For this concept, I wanted to showcase two unique parts of the flow that I found most interesting. You can also see with this concept I tried projecting interfaces on gloves, as I made this in the middle of a Canadian winter. I can imagine that the device would be intuitive enough to recognize your hand even with a glove on it, and wanted to show how that could work.
Below are two prototypes I created to illustrate this use case:
Viewing the ETA of a Transit Line
Here, I imagine the device would pick up on your context to display an ETA for the transit line you're going to take. Without needing to navigate through any menus, you could view the information and lower your hand to dismiss it and return to what you were doing. Since the device would know your context, this could be triggered by:
Your location – waiting at a transit stop
The time of day – you may be likely to take transit based on your usage patterns
Your schedule – maybe the device knows you have an appointment somewhere, and you're likely to navigate there through public transit
Lines you usually take – If you're at a stop where multiple routes overlap, it could know which one could get you to the appropriate destination, or default to showing info for one you're more likely to take.
Viewing Payment Method Balance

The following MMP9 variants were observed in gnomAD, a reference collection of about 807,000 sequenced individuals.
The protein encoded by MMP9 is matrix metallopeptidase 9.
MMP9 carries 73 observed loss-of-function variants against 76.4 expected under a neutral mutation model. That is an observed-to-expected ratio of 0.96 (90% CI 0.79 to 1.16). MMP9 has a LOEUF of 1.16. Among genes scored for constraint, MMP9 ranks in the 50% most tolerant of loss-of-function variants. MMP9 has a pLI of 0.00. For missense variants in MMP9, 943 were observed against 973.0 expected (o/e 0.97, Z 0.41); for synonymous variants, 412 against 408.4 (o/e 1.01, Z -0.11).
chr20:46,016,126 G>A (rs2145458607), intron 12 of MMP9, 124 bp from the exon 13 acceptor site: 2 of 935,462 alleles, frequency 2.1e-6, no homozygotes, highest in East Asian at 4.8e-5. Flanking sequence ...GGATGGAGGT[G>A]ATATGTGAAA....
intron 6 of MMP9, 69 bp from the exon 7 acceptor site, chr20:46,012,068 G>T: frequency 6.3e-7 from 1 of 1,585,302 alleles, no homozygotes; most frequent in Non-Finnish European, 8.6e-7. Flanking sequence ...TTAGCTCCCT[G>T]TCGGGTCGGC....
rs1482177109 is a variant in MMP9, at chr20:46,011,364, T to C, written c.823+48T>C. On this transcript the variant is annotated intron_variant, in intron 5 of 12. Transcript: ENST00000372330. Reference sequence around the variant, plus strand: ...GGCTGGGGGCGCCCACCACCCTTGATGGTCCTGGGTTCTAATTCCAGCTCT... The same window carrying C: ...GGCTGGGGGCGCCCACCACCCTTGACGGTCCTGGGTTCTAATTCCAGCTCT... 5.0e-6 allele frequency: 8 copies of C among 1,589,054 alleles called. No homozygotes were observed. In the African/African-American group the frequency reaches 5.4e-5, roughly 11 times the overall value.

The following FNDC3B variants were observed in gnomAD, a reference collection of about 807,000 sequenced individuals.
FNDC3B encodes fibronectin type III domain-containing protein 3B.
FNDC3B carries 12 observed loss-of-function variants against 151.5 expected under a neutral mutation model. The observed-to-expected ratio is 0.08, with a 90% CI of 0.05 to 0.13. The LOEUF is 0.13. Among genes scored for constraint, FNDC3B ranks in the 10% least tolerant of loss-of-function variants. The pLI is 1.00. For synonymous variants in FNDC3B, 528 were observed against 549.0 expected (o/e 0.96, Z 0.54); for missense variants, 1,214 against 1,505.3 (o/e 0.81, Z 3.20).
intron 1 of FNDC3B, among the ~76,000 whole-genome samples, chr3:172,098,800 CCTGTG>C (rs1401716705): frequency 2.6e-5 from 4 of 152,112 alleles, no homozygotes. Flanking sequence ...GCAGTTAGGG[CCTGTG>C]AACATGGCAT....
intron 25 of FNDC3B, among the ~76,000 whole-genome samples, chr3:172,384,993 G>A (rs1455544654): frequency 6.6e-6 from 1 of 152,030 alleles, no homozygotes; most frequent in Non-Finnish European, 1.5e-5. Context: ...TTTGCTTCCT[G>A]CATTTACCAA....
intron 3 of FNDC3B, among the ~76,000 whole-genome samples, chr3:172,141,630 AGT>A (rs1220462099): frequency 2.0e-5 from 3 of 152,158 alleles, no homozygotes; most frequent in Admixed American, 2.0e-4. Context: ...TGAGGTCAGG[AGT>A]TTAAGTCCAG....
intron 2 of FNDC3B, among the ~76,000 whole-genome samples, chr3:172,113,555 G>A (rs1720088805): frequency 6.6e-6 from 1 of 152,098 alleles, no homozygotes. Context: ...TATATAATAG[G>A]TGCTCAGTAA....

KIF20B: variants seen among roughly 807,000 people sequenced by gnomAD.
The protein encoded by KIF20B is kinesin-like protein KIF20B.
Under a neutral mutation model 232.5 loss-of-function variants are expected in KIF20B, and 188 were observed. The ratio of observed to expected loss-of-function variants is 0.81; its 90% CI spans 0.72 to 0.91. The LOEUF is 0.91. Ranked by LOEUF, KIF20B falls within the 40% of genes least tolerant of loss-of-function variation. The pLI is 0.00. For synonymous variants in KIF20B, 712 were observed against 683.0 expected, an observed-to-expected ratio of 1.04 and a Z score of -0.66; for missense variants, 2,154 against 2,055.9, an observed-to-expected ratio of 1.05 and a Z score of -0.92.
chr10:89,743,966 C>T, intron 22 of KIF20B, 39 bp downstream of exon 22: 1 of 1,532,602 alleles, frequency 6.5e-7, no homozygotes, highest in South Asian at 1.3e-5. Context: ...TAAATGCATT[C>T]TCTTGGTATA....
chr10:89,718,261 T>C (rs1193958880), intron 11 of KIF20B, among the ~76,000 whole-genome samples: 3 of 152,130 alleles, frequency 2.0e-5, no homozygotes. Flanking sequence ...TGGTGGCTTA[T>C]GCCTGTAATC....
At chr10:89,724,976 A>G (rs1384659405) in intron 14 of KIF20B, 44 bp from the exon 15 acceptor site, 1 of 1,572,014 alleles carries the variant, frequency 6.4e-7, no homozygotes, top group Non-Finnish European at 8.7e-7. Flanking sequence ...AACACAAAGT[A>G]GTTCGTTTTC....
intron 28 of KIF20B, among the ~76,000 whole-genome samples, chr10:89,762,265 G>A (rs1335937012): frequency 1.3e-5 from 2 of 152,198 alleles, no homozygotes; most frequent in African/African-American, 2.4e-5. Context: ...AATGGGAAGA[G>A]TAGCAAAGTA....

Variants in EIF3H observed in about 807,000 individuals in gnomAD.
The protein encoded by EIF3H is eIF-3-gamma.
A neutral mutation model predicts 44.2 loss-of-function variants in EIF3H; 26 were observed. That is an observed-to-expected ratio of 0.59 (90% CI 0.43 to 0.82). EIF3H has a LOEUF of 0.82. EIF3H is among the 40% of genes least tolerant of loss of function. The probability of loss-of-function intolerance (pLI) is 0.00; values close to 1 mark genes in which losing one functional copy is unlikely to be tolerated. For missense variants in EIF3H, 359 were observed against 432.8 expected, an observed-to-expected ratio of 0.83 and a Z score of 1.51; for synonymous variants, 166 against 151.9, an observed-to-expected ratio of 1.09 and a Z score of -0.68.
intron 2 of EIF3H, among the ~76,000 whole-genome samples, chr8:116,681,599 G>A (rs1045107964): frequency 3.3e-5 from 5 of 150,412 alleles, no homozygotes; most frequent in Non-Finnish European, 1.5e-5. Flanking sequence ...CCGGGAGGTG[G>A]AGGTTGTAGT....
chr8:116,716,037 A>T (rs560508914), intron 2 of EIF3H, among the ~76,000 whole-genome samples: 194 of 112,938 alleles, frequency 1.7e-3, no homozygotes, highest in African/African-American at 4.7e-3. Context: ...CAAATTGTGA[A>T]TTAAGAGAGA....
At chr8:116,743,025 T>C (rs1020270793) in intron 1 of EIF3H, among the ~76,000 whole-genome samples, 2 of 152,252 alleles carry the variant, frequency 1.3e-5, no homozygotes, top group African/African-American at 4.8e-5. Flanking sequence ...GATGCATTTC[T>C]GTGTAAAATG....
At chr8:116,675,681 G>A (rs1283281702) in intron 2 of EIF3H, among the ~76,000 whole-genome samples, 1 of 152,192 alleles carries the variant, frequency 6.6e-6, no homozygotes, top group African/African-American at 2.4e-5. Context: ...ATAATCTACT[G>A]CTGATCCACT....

In Toronto, where I'm located, we pay for transit using Presto cards. There's an app for smartphones that allows you to check the balance, but I think there could be a more intuitive way to view this information with Humane's device. If you hold the card up in front of you, it could recognize it and display your balance directly on it by retrieving that information for you, without you needing to navigate through any interface.
What I learned
The most exciting part of this concept for me was displaying the balance information for the payment method directly on the card. Even though I knew it was just a prototype, it felt magical to know that technology could enhance a real world object in such an obvious and intuitive way, and of course this prototype barely scratches the surface of what's possible.
I also am very interested in a device that could anticipate what I'm looking for without me needing to navigate through menus to get there. Going back to using my phone for this information makes me feel like I have to jump through hoops to get what I'm looking for, even though it's something I'm used to doing on a daily basis. There's a huge opportunity for improvement, and with what we're seeing with the speed of AI development, a device built on it from the very beginning could be incredibly powerful, and feel like having an assistant that knows everything about you.
I think there's something impactful about how simple these prototypes are. There's complexity to our phones today because they're not anticipating what we need, or how we'd like to interact with them. Instead, this device could take away your need to think about what you're trying to do, and instead present you with information in a more simple, straightforward way. It's in line with what Humane seems to be aiming to do, which is reduce distractions, and allow you to remain present in your life.
Stay tuned for more!